DDP - Power-2-Gas-2-Refineries


Research: 2017


Is the use of sustainable hydrogen in refinery processes technically and economically feasible?



Nowadays, hydrogen used in refinery processes is generated by using fossil fuels. TNO researched the technical and economic feasibility of the use of sustainably produced hydrogen in these processes.
TNO elaborated on the electrolysis needed for the production of green hydrogen. Requests for information, containing variations in specifications, were send to several suppliers within the market. Thus, insight has been obtained about the actual costs and returns of investments in electrolysers.


  • Emission reduction – Besides the already common addition of biofuels, sustainably produced hydrogen can be used in the production of transport fuels and contribute to a CO2 emission reduction from well to wheel.
  • More knowledge of electrolysers – Producing higher volumes of hydrogen per electrolyser (efficiency increase) as well as increasing the number of electrolysers (economies of scale) have an impact on the business cases.
  • Towards wider application – The use of hydrogen is crucial in all Deep Decarbonisation Pathways. The use of green hydrogen in the refining process can be the first leap towards large scale application.


  • Ownership – Which stakeholder will be the owner of the electrolyser, which of the hydrogen and which of the whole process?
  • Legislation and regulation – European legislation explicitly ordains the mixing of biofuel in refinery processes. If these directions could be transformed into target regulations aiming for CO2 emission reduction, the use of green hydrogen could be used in a similar manner in business cases, just like the mixing of biofuels. In addition, there are no current policies on CO2 emissions that lead to financial consequences. Therefore making competitive business cases around sustainable alternatives is difficult. Adjustment of regulations and policies can help to overcome this hurdle.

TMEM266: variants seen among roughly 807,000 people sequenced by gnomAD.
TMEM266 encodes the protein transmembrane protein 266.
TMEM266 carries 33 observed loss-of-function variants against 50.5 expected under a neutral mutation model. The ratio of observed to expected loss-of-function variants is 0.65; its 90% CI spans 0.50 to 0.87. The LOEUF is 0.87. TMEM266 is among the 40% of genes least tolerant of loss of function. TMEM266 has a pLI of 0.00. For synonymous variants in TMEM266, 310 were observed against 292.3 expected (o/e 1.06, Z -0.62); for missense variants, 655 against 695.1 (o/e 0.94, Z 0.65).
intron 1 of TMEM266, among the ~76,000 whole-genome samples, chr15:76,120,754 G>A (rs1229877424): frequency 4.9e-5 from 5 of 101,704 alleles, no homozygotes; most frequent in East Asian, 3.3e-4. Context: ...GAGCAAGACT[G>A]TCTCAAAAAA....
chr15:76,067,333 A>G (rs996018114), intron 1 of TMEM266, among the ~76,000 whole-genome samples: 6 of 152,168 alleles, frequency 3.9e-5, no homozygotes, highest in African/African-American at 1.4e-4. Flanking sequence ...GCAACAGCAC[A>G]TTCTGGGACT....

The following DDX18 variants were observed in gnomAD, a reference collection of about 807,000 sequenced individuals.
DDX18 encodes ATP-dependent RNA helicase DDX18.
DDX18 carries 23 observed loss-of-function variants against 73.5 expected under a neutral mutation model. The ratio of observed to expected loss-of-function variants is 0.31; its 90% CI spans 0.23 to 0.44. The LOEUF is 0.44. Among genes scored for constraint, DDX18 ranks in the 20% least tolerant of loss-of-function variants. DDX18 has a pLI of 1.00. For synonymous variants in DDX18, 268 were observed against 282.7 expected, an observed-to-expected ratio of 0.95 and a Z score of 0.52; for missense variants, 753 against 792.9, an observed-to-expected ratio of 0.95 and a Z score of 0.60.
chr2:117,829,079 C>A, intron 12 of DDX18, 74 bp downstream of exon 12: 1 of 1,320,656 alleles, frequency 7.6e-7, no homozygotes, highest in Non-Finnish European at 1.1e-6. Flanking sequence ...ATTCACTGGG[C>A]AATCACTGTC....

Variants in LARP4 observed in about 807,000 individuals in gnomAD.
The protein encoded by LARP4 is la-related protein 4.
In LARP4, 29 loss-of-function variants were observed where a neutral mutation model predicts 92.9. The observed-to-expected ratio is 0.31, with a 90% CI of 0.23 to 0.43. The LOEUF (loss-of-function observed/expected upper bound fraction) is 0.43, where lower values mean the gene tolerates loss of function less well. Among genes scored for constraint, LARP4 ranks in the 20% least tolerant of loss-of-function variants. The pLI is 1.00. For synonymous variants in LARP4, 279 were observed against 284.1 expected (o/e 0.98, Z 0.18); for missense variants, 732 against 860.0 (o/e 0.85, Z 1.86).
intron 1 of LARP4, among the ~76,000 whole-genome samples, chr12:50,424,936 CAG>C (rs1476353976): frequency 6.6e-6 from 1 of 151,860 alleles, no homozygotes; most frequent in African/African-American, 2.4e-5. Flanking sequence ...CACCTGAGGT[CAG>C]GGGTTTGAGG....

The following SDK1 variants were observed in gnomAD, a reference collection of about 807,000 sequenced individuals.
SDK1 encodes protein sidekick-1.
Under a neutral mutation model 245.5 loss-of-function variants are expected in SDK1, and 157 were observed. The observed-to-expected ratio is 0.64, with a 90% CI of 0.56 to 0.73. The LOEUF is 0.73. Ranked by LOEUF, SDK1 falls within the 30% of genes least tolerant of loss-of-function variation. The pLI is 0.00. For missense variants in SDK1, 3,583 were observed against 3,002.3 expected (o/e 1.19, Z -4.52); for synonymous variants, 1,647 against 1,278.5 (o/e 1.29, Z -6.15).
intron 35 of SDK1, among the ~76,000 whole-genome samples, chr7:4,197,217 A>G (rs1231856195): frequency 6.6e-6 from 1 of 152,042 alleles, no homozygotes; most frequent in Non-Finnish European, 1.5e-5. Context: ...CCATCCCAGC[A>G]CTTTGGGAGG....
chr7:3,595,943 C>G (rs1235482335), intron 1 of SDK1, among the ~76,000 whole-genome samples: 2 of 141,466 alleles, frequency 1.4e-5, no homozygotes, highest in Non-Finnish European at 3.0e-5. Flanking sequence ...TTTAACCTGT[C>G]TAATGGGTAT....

• Upscaling necessary – The market for electrolysers is now a niche market, the equipment is still expensive.
  • Collaboration in the chain – The use of hydrogen in refinement has a complex business case. Parties with varied interests need to find each other and engage in new collaborations.


  • Reducing CO2 emissions in the production of transport fuels. The sustainable production of transport fuels is a front end solution aimed at reducing CO2 emissions from well-to-tank. (Capturing emissions from individual vehicles is not possible, hence front end solutions are necessary.)
  • New collaborations and new business models arise.
  • The governance of new chains is being developed.


BP, Joulz, Port of Rotterdam, TNO, Uniper.

“This project, in which green hydrogen is made by electrolysis of wind peaks, pushes the port of Rotterdam into a sustainable future.”

P2G2Ref Consortium (BP, Uniper, Joulz)

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